Have you ever halted cuddle sessions with your favorite feline or slobbery kisses from your loving pup because of your pet’s smelly breath? Doggy breath is not a normal part of living with a pet, and may indicate that your pet is suffering from dental disease. Bad breath is often the first clue that your pet’s mouth is unhealthy. Pets, especially cats, are experts at hiding signs of illness or disease, and knowing if your pet’s mouth is painful or their teeth are causing problems is difficult. Dental disease often starts when pets are young—in fact, by the time they reach 3 years of age, more than 80% of dogs and cats will have some form of dental disease. Caring for your pet’s teeth may seem like a chore, but like people, dental health is vital for overall health and wellness. Our Columbia Park Animal Hospital team wants to ensure your pet’s smile is always sparkling, so we offer three dental health tips for your furry friends.  

#1: Schedule regular preventive care and dental cleanings for your pet

Regular preventive care visits are vital to ensure your four-legged companion remains by your side and healthy throughout their life. Many U.S. dogs and cats have not seen a veterinarian in the past year for check- ups and preventive health care. A 2013 study by Bayer HealthCare and the American Association of Feline Practitioners found that more than half of U.S. cats had not seen a veterinarian for needed checkups. Pets are wonderful communicators, especially when they want a treat or a trip to the park, but cannot communicate that their teeth need a professional cleaning, or something feels painful. Subtle behavior changes are often the only clue that something is wrong with your pet. Fortunately, your veterinarian is able to identify these subtle changes.

At your pet’s preventive care visit, your veterinarian will take a detailed history, and examine your pet from nose to tail, including an oral exam, to get to the root—pun intended—of your pet’s dental problems. Yearly, or more frequent, veterinary preventive care visits will help ensure your pet does not suffer from severe, painful dental disease. Dental disease also puts pets at risk for other medical issues, because oral bacteria can travel through the bloodstream and cause life-threatening kidney, liver, or heart infections.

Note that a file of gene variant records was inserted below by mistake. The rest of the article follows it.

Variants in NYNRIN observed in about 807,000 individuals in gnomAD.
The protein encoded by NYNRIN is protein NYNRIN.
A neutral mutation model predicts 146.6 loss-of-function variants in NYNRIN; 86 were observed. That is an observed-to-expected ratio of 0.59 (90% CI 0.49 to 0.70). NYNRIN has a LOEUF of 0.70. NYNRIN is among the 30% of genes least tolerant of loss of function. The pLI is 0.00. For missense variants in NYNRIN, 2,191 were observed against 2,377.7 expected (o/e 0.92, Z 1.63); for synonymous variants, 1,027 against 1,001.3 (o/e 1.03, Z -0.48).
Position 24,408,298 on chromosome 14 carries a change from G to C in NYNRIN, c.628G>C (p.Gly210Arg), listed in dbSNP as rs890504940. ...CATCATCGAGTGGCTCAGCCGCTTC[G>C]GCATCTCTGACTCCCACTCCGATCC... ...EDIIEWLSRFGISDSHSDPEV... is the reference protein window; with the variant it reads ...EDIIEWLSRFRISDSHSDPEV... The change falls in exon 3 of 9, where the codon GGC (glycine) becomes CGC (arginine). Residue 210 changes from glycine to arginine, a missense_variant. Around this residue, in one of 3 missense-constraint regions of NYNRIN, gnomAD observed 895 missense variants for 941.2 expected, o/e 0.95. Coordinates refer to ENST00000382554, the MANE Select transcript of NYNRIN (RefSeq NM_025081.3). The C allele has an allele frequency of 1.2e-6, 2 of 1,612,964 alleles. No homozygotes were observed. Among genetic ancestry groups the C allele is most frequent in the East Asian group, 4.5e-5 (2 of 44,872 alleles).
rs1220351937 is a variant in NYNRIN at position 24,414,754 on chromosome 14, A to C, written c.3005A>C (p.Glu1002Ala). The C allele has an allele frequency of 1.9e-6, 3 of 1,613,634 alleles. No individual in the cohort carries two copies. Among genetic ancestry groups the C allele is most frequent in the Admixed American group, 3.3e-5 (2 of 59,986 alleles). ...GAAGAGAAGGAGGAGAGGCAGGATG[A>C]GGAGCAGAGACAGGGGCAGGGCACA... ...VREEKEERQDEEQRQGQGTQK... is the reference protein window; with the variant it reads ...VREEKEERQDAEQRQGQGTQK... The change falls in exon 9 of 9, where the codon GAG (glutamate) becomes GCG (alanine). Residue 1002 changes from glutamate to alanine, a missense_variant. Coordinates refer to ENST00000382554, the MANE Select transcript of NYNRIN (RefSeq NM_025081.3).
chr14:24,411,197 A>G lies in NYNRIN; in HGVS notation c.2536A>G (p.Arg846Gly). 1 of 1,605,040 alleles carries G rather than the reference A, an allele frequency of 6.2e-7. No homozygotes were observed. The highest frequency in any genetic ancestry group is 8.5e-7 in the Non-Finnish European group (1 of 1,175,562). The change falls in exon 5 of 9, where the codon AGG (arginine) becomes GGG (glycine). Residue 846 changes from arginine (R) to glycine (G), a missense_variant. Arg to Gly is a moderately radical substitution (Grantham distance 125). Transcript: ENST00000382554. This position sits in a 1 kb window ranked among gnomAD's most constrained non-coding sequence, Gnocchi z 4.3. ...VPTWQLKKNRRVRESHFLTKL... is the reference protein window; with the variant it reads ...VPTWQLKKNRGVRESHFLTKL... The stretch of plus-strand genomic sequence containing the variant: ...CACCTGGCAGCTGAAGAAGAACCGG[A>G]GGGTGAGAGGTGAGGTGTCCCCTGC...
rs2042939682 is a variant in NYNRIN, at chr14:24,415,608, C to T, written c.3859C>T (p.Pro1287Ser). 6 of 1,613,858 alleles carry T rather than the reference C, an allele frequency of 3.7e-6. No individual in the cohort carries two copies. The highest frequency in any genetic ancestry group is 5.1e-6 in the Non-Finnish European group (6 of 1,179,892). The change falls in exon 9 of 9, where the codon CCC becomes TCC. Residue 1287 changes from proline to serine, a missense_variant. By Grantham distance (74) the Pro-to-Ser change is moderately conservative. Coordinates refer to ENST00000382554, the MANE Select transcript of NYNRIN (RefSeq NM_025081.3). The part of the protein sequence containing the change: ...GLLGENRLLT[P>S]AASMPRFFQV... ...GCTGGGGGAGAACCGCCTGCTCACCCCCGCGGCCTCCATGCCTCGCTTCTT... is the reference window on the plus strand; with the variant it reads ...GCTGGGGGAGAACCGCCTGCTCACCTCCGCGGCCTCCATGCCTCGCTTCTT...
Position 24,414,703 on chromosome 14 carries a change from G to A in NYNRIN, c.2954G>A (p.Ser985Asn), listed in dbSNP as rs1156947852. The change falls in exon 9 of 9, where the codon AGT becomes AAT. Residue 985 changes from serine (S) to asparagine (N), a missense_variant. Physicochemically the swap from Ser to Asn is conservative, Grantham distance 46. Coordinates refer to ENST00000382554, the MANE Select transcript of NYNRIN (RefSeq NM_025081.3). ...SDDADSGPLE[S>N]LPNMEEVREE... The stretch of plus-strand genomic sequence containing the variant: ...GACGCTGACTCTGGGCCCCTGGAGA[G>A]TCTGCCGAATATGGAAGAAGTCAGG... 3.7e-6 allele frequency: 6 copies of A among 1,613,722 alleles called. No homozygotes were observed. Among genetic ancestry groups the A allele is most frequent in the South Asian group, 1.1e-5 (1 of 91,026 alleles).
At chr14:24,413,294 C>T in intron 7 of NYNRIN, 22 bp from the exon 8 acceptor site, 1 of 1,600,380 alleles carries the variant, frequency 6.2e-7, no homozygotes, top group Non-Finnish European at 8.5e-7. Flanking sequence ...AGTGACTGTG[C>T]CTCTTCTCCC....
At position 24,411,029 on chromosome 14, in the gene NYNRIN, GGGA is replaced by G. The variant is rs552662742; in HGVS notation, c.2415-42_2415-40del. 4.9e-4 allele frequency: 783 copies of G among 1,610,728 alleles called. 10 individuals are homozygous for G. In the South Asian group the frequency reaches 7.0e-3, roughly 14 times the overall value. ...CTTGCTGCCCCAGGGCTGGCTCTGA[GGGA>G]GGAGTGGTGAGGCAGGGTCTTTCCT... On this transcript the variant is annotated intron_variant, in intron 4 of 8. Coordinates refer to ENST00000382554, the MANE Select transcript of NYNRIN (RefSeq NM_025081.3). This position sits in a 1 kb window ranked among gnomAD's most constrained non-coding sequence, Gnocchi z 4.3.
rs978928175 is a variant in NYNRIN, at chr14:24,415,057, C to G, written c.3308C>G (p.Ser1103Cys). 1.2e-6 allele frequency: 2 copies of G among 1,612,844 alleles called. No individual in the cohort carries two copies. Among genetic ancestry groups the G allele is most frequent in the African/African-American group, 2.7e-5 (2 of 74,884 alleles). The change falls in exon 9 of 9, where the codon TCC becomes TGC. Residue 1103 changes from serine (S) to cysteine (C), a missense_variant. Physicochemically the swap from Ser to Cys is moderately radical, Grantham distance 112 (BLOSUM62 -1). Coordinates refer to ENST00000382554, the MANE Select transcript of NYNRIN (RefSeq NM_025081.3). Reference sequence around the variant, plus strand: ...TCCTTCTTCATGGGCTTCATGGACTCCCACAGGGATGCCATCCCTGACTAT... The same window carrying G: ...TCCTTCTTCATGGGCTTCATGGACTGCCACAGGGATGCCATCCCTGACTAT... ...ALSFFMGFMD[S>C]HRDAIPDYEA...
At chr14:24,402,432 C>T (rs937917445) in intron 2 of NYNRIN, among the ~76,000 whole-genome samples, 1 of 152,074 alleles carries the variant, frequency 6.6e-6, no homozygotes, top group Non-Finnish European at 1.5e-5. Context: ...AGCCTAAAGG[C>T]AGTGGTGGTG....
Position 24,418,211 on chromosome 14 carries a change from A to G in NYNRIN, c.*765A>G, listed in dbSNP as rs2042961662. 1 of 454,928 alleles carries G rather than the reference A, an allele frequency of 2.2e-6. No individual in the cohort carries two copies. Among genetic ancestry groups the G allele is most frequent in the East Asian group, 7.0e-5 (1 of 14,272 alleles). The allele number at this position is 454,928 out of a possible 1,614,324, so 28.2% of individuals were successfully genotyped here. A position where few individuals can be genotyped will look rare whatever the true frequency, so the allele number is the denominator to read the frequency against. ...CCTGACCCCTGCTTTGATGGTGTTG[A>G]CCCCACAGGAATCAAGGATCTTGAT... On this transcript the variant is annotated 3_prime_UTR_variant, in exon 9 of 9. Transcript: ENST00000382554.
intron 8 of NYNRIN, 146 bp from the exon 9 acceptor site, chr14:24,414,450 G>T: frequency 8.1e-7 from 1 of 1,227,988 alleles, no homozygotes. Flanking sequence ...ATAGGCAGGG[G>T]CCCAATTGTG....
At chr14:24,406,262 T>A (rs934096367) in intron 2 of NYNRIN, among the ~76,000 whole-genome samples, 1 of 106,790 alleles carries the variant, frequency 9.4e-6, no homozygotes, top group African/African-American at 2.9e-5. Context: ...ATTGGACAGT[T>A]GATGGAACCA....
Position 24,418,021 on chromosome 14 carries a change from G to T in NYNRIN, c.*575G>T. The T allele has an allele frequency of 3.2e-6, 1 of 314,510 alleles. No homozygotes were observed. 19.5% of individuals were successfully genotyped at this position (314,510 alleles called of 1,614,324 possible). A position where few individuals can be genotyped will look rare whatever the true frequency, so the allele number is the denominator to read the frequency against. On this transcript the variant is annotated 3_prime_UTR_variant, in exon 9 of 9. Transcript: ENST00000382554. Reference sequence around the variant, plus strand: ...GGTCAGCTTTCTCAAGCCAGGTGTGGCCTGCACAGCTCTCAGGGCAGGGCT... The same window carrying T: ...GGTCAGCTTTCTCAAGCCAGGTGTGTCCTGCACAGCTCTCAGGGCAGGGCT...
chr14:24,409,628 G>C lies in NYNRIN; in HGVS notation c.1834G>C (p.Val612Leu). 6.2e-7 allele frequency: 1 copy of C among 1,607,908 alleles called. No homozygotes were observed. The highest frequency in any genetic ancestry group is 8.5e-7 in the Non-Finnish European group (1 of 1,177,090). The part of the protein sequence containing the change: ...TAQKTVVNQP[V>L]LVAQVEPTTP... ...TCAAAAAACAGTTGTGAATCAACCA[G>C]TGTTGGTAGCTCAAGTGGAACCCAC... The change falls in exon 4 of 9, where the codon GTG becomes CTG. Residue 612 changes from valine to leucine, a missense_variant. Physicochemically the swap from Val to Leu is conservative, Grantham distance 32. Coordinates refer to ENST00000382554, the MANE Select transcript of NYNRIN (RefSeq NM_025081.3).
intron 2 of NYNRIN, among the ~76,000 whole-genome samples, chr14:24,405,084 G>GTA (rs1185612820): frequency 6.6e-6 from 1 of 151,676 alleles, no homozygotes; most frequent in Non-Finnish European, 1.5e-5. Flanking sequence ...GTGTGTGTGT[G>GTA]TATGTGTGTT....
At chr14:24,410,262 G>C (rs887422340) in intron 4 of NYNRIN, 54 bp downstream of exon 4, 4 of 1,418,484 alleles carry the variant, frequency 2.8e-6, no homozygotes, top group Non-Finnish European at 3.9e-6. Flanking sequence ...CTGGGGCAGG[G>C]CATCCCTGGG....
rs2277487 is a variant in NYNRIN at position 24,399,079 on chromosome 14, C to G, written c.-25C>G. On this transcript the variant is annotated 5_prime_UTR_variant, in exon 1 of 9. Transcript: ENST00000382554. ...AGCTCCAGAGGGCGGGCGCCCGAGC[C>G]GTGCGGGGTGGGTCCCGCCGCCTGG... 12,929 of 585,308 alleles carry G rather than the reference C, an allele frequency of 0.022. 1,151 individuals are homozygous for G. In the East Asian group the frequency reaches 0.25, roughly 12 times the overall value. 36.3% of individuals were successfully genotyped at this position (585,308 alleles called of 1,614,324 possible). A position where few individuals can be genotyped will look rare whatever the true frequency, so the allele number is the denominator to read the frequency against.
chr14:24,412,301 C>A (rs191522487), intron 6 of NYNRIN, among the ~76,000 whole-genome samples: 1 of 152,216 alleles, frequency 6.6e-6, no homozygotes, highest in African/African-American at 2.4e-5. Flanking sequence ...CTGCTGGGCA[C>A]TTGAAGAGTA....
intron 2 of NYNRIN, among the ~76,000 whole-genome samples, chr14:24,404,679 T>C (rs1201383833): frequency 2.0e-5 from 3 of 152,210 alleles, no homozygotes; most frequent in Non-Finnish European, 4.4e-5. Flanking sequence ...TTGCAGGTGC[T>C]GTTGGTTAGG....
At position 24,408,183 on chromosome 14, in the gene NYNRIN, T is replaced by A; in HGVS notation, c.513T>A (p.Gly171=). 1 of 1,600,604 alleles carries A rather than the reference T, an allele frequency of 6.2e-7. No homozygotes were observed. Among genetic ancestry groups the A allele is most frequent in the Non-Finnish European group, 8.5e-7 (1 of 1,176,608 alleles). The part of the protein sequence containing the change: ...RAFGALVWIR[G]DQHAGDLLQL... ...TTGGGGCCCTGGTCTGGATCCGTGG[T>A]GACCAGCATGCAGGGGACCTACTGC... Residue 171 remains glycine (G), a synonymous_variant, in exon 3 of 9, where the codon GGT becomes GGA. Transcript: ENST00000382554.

Your veterinarian may also recommend an in-depth oral exam and dental cleaning while your pet is under anesthesia. You may be reluctant for your pet to be anesthetized, but that is the safest, most effective, stress-free method for performing this procedure. Unfortunately, pets won’t remain still and keep their mouths open like people. All pets who undergo an anesthetic dental exam and cleaning are closely monitored with advanced medical equipment and expert staff. Additionally, your veterinarian will run blood work to ensure your pet’s organs can properly process the anesthetic agents. Your pet’s professional dental cleaning and oral exam may include:

  • Intravenous fluids to support their organs and blood pressure during the procedure
  • Specialized warming pads and blankets to maintain body temperature
  • Dental X-rays to examine teeth below the gumline 
  • Cleaning with specialized tools, including an ultrasonic scaler
  • A fluoride-infused polish to prevent plaque buildup
  • Tooth repair, or extraction of loose or damaged teeth 

#2: Start a home pet oral health care routine

People brush their teeth twice daily, and similar routine brushing of your pet’s teeth is recommended. It’s never too early or too late to start brushing your pet’s teeth, because regular brushing is the most effective way to ensure their teeth remain healthy between professional veterinary cleanings. Twice daily toothbrushing is best for your pet, but a minimum three times a week is also beneficial. The best routine is one that is realistic for you and your pet’s lifestyle and limitations. Guidelines for brushing your pet’s teeth include:

  • Toothpaste — Choose a pet-safe toothpaste that your pet likes and that is approved by the Veterinary Oral Health Council. Many flavors are available, so don’t give up if your pet resists the first toothpaste. Also, never use human toothpaste, which contains ingredients, like xylitol, toxic to pets.
  • Toothbrush — Use a pet-specific or child-sized toothbrush, since human brushes don’t fit well in your pet’s mouth.

At-home dental care should complement professional veterinary cleanings, not replace them. 

#3:Recognize dental disease signs in your pet

The most common, easily recognizable dental disease sign in your pet is bad breath. Other dental disease signs, which indicate a veterinary evaluation is required, include:

  • Decreased appetite 
  • Blood on chew toys
  • Red or swollen gums
  • Swelling around the mouth
  • Pain in or around the mouth
  • Abnormal chewing
  • Excessive drooling
  • Dropping food from their mouth while eating
  • Behavior changes (i.e., irritability, or cats who are hiding more)

Our Columbia Park Animal Hospital team wants to ensure your pet’s chompers are healthy through all their life stages. Call our office if you have any questions about their dental health, or to schedule an appointment.